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Thursday, November 16, 2017

Data Philosophy and Game Theory

It's Dirk Stanley's fault.  He asked on FB:

#CMIO #CNIO #Informatics #HealthIT and other #ClinicalJedi, need your help : Philosophically, which is more important? 
1. Data in
2. Data out 
3. Both are equally important 
All opinions welcome.

My response was pretty straightforward:
Data in, else we would not be where we are today. We need data to act, and can always get it ourselves, and trust it better when we do. But, if all are playing for optimal payoff, it could be viewed as a zero sum game, and so best view is both.

But at the same time it needs a heck of a lot more explanation.

Data sharing as presently practiced by healthcare organizations is in some ways a zero sum game, and in some ways not.  

It's not a zero-sum game for healthcare organizations. The lack of accessible data used in healthcare decision making results in efforts to obtain data. With current practice (fee-for-service), the healthcare organization will do what is necessary to obtain that data (order the test, do the assessment, et cetera).  And it will get paid to do it, so there is little to no additional cost.  For some of the testing, there is little gain (many lab tests are low-margin, commodity items), and others substantial gain.  For example, an MRI can cost $1-3K or even more, and when all is said and done there is definite value going to the creators of the data.

The data, thus gathered, also becomes an asset of the healthcare organization which gathered it, which has value to the organization when they use it, but could help a competitor in some way if they share it.  Sharing that data with a competitor has a cost. The organization has little to gain by the sharing of that data, and something to lose (potentially) if they access data shared by another party.

Victor Dubreuil - 'Money to Burn', oil on canvas, 1893There's a money to burn in this system. Between healthcare organizations, it isn't a zero sum game. The patient (or their payer) is continuously pumping in cash to the system to fill the data needs of the healthcare organization, and which supports the care of that patient when they stay within the same organization.  As soon as the patient moves to a different healthcare organization, they lose the value of that data, that ultimately, they (or their employer) paid for.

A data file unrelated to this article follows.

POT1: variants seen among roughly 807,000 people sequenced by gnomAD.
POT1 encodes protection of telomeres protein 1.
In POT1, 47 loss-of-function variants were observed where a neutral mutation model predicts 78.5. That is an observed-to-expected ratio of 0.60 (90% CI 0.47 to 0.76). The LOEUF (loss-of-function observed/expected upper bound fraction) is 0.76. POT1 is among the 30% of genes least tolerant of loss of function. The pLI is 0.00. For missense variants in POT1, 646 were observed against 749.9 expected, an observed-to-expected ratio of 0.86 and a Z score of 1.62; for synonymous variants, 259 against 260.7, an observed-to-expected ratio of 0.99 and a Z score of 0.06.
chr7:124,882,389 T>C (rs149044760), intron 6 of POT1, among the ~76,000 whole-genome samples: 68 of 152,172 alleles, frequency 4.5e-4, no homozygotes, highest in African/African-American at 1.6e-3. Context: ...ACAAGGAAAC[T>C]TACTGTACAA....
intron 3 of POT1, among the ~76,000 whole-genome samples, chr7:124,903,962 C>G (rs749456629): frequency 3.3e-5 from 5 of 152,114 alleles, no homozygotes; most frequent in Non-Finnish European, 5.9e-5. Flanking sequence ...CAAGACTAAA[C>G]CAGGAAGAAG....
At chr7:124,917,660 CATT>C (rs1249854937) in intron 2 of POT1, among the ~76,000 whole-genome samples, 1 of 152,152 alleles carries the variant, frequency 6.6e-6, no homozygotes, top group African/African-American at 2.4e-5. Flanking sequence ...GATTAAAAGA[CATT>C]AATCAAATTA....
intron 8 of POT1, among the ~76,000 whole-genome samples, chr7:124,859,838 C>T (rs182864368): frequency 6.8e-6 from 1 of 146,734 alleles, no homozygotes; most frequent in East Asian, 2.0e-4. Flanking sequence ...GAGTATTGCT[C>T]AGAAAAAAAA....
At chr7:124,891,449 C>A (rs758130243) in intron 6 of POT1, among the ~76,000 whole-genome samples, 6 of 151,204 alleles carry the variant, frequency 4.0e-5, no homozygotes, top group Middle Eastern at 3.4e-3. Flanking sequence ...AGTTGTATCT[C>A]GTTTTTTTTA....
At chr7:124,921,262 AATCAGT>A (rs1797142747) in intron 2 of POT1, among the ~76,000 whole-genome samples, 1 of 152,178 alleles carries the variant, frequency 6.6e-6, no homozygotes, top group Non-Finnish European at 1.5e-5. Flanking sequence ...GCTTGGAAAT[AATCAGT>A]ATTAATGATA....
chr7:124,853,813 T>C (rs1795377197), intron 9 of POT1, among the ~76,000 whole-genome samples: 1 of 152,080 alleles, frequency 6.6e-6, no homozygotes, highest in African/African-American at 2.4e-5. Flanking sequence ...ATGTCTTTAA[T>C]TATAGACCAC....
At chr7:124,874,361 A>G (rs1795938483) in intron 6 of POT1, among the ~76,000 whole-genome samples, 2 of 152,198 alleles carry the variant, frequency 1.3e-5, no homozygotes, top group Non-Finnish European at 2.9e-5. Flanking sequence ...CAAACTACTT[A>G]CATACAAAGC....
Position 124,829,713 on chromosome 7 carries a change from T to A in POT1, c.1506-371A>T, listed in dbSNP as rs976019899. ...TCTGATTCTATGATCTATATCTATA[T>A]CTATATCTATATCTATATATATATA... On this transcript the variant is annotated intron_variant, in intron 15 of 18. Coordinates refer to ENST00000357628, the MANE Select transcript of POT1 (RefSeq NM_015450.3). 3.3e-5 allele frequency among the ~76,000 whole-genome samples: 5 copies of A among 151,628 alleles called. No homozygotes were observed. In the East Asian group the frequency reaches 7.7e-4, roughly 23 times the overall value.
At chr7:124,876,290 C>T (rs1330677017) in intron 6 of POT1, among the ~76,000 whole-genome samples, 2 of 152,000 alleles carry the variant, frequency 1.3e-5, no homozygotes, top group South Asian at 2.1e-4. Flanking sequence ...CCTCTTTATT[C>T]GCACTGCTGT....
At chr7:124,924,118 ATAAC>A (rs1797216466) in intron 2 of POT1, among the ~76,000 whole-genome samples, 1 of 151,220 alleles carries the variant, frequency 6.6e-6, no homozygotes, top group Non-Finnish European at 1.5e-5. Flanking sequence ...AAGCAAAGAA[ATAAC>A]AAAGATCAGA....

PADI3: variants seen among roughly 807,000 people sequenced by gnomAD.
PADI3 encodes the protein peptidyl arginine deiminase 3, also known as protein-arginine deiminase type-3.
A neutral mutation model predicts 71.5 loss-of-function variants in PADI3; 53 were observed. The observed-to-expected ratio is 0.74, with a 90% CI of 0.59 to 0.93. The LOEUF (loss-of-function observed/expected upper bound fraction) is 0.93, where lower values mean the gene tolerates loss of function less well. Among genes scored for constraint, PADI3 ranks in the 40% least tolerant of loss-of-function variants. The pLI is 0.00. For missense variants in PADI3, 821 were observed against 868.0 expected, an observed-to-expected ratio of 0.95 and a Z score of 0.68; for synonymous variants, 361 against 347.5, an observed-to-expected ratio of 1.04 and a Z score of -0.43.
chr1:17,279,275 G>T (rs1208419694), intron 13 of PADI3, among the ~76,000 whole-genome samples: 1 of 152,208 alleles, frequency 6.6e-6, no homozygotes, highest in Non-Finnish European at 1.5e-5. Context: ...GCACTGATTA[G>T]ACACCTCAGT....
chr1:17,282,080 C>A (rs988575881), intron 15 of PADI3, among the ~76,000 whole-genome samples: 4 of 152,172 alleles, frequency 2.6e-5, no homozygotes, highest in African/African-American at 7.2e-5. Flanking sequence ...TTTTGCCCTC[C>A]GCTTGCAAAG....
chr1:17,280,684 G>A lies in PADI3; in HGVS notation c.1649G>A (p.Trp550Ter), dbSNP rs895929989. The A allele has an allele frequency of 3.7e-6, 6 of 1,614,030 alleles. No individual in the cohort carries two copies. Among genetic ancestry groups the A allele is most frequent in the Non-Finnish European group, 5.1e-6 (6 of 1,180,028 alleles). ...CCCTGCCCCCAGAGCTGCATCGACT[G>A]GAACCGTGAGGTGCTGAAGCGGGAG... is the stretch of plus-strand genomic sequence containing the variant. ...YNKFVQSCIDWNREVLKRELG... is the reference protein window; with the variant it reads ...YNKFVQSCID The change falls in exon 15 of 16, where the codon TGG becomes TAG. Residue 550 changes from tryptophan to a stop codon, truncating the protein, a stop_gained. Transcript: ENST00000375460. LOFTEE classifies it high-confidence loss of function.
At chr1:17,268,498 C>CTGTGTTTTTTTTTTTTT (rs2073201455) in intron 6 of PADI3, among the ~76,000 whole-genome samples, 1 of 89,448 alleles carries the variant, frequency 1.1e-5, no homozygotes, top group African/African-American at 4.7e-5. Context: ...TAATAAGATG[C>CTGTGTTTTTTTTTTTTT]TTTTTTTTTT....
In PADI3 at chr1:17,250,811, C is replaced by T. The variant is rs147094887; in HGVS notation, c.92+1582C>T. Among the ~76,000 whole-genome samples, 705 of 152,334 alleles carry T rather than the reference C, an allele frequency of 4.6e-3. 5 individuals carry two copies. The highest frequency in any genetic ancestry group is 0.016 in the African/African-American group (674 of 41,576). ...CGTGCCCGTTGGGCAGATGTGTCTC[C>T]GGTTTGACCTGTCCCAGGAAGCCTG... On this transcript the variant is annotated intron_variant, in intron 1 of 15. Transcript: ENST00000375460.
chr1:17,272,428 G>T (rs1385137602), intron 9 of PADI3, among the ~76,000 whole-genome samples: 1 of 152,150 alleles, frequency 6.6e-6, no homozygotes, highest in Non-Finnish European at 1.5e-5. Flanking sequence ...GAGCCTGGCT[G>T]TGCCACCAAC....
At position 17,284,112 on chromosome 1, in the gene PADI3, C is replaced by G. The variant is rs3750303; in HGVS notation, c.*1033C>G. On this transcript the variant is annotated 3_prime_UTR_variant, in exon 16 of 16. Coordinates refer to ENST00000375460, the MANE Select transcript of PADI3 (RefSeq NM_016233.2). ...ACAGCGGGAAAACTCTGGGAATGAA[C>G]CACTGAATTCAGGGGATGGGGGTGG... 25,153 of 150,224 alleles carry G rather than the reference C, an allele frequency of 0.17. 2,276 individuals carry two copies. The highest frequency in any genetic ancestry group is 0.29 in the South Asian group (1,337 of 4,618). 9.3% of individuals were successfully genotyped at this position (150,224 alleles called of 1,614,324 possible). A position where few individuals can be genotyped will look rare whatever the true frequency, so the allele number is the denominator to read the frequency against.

Where the zero-sum part comes from is that what the provider gains with regard to acquiring data, the patient (or their payer) loses. As long as that remains the case, there's little incentive to reduce duplicate testing.  I watched this recently as a young person I know went through a month repeating almost the same tests they had gone through previously to diagnose a chronic illness because more than 3/4 of the way through that process she was forced to change healthcare providers (due to a forced change in health insurance).  There was NO reason for them to refuse the additional testing (getting the diagnosis is critical to their health), and no value for their new healthcare provider to use the previously performed tests. Their payer was out the money for the repeated testing, even though those tests had been done previously.

In the rest of the world of business, when I pay for something to be done, I own that thing. If it a work of intellectual property, I paid for it, I own it, and I have easy access to use it. In healthcare, when a patient pays for a test (or a payer pays on their behalf), the data is treated as if it is owned by the organization that ordered the test (gathered the data), and as the patient I don't always have easy access to it.  I can only benefit from it as long as I maintain a relationship with that healthcare organization.

I can see how game theory could be applied to this situation, such that a system of value-based care could be designed where the greatest value is when there are incentives for data sharing.


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